Harlem Shakes

The Harlem Shakes delivers a sharp execution of high-spirited paeans in their 5-track EP, Burning Birthdays. As their album name implies, this is a celebratory affair aflame with finely honed rock melodies and pop hooks from the bygone era of Eisenhower America. Lexy Benaim’s voice soars to sublime reaches shadowed by a delicate background of “oohs” and “ahhs” in airtight, sun-drenched melodies that still leave room for surprises. Despite the association with “doo-wop”, their album isn’t just the typical trip down memory lane. They’ve managed to synergize classic pop structures within the jangly NY-rock aesthetic that moves each song in exciting jerks and turns. In their second track, “Red Rights Hands”, Jose Soegaard’s jubilant guitar rises and falls in response to Benaim’s boyish croons fashioned in grand body-shaking melodies, briefly quieted by moments of Todd Goldstein’s solemn organ tones. From start to finish, every track stands distinctly on its own; yet all consistent in delivering that burst of youthful energy.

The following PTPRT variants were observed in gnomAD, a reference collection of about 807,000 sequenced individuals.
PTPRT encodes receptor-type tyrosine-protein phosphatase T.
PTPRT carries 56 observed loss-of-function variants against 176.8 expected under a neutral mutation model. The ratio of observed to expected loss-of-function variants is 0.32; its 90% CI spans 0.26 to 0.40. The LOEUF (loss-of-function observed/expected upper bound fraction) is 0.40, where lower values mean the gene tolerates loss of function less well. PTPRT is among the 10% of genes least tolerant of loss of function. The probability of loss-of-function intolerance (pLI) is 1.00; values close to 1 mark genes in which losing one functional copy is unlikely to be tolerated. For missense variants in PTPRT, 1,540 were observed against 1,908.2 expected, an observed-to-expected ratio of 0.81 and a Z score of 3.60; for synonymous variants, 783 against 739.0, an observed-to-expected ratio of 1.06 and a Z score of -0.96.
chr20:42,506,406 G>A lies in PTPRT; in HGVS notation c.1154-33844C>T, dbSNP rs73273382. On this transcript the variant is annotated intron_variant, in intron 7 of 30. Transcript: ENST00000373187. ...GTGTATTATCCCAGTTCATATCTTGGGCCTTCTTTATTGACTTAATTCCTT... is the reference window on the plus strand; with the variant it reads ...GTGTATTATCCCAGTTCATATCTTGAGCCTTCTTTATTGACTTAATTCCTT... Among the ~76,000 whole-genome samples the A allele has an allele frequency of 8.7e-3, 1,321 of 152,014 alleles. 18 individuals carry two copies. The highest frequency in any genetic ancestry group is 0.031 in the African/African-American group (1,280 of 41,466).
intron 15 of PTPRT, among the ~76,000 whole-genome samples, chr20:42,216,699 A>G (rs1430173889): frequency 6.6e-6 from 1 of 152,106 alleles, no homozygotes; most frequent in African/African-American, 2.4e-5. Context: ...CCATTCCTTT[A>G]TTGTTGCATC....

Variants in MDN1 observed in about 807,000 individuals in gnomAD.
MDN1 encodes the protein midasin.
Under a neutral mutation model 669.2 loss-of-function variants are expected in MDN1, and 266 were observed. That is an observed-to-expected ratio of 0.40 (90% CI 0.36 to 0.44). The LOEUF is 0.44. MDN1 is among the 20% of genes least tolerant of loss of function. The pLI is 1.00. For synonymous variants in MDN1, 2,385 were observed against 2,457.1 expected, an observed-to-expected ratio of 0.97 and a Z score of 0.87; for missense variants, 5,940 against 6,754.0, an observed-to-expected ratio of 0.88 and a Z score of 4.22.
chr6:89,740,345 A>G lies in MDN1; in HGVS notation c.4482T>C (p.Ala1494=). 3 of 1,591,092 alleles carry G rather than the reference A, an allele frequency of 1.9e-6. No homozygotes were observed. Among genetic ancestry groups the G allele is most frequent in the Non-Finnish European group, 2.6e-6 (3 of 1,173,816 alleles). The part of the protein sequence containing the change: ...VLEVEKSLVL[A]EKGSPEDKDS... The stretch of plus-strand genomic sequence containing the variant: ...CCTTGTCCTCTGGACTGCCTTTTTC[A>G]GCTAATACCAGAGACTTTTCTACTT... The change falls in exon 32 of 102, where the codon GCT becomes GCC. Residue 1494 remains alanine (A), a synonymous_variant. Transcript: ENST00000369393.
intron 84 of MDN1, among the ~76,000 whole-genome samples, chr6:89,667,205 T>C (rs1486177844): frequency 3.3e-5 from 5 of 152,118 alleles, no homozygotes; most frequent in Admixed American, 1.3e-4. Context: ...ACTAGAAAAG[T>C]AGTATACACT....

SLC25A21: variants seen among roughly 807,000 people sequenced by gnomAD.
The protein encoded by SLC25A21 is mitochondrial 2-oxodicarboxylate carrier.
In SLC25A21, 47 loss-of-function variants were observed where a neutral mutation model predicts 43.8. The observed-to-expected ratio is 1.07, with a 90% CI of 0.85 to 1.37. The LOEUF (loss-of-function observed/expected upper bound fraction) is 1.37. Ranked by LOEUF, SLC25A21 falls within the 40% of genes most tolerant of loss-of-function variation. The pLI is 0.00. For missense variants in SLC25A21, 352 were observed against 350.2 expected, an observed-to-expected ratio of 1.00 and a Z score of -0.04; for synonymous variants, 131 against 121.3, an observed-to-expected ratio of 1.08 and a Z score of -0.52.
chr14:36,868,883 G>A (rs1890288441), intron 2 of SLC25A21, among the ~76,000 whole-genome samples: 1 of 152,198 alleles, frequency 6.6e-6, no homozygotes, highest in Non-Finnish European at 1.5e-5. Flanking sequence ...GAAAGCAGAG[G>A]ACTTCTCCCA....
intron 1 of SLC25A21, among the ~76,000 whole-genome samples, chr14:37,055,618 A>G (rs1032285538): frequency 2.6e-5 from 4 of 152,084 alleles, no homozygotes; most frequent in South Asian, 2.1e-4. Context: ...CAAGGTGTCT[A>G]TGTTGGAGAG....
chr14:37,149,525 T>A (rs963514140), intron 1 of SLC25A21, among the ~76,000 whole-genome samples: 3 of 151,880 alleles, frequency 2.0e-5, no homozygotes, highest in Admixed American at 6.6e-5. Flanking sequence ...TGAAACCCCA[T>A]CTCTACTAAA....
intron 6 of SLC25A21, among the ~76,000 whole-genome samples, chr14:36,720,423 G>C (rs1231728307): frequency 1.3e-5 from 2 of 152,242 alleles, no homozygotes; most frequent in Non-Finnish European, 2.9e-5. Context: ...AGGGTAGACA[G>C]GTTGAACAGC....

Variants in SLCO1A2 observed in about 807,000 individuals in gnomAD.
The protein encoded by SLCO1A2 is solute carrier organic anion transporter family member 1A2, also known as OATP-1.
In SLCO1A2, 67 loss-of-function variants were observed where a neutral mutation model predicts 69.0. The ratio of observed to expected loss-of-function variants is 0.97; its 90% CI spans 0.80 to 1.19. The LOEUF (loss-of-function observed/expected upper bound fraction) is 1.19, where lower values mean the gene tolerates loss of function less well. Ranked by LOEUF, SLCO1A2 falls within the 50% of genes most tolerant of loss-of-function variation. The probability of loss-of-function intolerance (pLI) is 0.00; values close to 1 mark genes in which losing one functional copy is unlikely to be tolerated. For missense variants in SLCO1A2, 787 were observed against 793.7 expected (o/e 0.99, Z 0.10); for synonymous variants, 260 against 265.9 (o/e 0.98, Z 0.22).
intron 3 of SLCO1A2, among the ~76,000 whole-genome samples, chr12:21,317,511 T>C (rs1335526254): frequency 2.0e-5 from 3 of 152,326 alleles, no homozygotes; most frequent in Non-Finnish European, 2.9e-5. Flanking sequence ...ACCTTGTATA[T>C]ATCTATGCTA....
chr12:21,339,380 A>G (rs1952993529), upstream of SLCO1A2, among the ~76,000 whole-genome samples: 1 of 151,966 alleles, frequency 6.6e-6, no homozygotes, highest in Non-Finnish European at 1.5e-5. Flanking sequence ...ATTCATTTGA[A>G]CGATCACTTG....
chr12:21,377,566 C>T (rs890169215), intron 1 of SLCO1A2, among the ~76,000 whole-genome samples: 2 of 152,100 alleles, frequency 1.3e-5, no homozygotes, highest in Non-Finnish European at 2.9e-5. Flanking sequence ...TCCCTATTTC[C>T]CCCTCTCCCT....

Although the Burning Birthdays may be your first glimpse of the Brooklyn-based group, the Harlem Shakes have been making quite a scene as the extroversive maestros of New York’s dive bars. The self-produced group already opened for the Arctic Monkeys, Fiery Furnaces, and Clap Your Hands Say Yeah. They’ve also played and worked with their other fellow Brooklyn band, Beirut, whose own John Natchez offered his accordion and sax for the recording of their album. Now in support of their upcoming release, they will be touring with Deerhoof, the art-rock aficionados of California, making it the most exuberant live performance of West Coast meets East this year.